Industrialized Cyclist Notepad

Dan Koeppel on the Pasadena-LA elevated bike highway

The crowd cheered. Bugles rang out. Within a year, Dobbins promised, something similar to Columbus’s short route to the Orient would rise above the hills of the Los Angeles basin. His “Cycleway” was designed to swiftly and conveniently transport people between a pair of key urban centers: the old colonial plaza in Downtown Los Angeles, and Pasadena, the burgeoning, modern suburb to the north that then rivaled the older city in size and ambition. The Dobbins route—which neatly anticipated and presaged the automotive freeways that now stretch across the region—would be a modern marvel. It would boast a state-of-the-art toll-collecting system. It would be elevated fifteen feet above the ground; the limited access would ensure that traffic flowed smoothly. “It can be said,” wrote the Los Angeles Times of the ground breaking, “that none of the new Southern California enterprises will …be more certain of financial success. The wheel must have a path of its own between these two cities.”

via An 1899 Plan to Build A Bike Highway in Los Angeles (And Why It Failed).

Serotta: Dang

This is about a month old by now.

Serotta said he no longer owns any part of the company or brand that he launched 41 years ago.

Last month, Serotta was merged with Blue Competition Cycles and Mad Fiber Wheels to become the Divine Cycling Group. But the merger did not bring with it any increase in funding for the already-struggling company and Serotta’s managers soon concluded they needed to shut down.

“We had absolutely no choice. We had to face all the truths, and the truth is that unless something changes the best we can promise anyone, including ourselves, is that we will honorably complete the orders on hand,” Serotta said.

DCG officials have not responded to phone calls and emails from BRAIN seeking comment.

But Serotta said he and CEO Bill Watkins have been negotiating to “extricate” the Serotta brand from DCG.

via Ben Serotta: 'I will build bikes another day' | Bicycle Retailer and Industry News.

Friedersdorf on Rabinowitz

That’s right, Friedersdorf.

There is no one in America who objects more consistently than me to Mayor Michael Bloomberg’s initiatives: This is a man who favors stop-and-frisk, racially profiling and spying on innocent Muslims, restricting the size of soda New Yorkers can buy, salt limits, a trans-fat ban, and a pervasive surveillance state. Left up to me, no one like Bloomberg would ever exercise political power. My disdain for his paternalism and disregard for civil liberties is what inclines me to defend his bike initiative. It is the least “totalitarian” major initiative that Bloomberg has undertaken, yet is denounced with some of the strongest language. If the critics were merely expressing their personal displeasure at the prospect of cities better suited to bike travel (or doubts about the efficacy of a particular policy aimed at making cities more bike friendly) that would be fine. Instead they co-opt the language of freedom and oppression, as if orienting cities toward automobiles is natural and libertarian, while bike shares and bike lanes are harbingers of tyranny. 

That is vapid, paranoid, philosophically incoherent nonsense. By frivolously trafficking in it, I fear that Rabinowitz and friends will diminish all warnings about liberty and government overreach. Even the boy who cried wolf was invoking the specter of an actually frightening creature.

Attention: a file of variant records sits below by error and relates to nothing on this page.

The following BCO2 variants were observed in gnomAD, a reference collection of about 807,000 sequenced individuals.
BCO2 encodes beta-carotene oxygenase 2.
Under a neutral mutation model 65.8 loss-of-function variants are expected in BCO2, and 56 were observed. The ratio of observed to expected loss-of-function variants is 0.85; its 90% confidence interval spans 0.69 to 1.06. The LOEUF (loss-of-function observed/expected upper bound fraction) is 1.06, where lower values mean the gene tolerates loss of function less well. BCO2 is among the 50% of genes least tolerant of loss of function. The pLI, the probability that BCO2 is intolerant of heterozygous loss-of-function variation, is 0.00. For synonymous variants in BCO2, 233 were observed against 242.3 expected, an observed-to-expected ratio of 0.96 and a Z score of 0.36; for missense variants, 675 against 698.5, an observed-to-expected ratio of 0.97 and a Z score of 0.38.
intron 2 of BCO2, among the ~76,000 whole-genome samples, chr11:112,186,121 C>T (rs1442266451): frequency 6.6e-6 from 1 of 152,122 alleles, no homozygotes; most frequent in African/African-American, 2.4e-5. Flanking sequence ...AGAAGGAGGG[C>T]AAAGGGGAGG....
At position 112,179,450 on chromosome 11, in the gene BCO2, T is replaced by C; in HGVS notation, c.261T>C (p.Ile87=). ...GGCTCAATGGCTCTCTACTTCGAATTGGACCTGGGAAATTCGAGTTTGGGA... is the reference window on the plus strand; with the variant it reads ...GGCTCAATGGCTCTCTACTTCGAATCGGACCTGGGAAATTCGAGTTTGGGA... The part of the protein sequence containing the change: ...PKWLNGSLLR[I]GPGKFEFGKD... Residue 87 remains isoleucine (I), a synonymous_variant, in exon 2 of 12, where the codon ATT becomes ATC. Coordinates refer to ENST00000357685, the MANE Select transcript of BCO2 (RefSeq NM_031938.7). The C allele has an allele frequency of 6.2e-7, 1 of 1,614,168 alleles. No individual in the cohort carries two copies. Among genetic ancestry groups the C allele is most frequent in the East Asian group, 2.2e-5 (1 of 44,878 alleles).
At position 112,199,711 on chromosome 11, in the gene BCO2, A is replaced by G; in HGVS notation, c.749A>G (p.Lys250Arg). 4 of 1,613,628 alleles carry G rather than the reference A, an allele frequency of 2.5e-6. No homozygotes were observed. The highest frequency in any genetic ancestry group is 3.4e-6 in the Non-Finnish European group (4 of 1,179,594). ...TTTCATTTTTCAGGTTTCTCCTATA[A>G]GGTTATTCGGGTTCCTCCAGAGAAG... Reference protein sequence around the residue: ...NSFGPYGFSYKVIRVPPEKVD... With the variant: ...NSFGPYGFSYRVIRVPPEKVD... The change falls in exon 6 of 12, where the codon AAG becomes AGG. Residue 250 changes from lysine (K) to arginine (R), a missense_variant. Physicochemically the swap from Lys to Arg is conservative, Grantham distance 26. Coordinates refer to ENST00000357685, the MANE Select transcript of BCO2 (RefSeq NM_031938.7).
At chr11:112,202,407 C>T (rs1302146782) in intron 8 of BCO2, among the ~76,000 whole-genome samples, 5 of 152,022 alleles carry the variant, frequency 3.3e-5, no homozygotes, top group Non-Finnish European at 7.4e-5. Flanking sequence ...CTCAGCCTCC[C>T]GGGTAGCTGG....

via The Paranoid Style in Bicycle Politics: A Bicoastal Freak-Out – Conor Friedersdorf – The Atlantic.

New Yorker’s CitiBike Cover

Painfully slow rollout of NYC’s Citibike rental scheme is here, maybe. Lock up your daughters!

Interesting the artist put a helmet on the outside rider. Wonder if he/she was told to do that.



Bike of the Day: This Old Schwinn
May 17, 2013, 09:09
Filed under: Bike of the Day | Tags: , , , , ,



Cruiser style frame, apehanger bars and 10 speeds.

Citi Bike hotter than Bieber

The NYC bike share saga has been interesting and is still unfolding. No doubt there are myriad individuals and groups working to undermine it and exerting pressure in various ways. Sure ‘bike sharing’ sounds swell to you and me, but how does it sound to the Transit Authority? The taxi companies and drivers? The tour bus operators? The rich, elderly, politically-connected pedestrians who hate bicyclists with a passion? And when it’s all said and done Citibank, of all zombie institutions, holds the keys. So …

Don’t count your NY bike share chickens before they hatch.

In a sign of excitement about the city’s new bike share program, which is set to launch next month, Citi Bike sold out of its first 5,000 memberships in less than 30 hours.

via Citi Bike sells out 'founding' keys in 30 hours | Crain's New York Business.

hit-and-run city

Denver’s traffic not following national trends.

Denver’s auto-pedestrian accidents were up 46 percent for the first eight weeks of 2013 over the previous two years. Another grim statistic also stands out: Last year, the city had 13 hit-and-run fatalities, more than the previous three years combined.


After two years of averaging about 31 auto-pedestrian incidents a month, the average jumped to 44 a month in January and February, according to Denver police statistics.

Hit-and-run cases averaged 8.5 a month in January and February — after 4.8 per month in 2011 and 6.1 in 2012.


Over the past decade, about 1,600 accidents involving pedestrians or cyclists were reported every year, according to a study by the Denver Regional Council of Governments.

In the 10-county region, 17 percent of all fatalities were pedestrians, and 3 percent were cyclists.

via Spike in Denver's auto-pedestrian cases has officials seeking answers – The Denver Post.

These “jumps” are based on a mere two months’ of accidents. Gotta keep an eye out to see if it continues.


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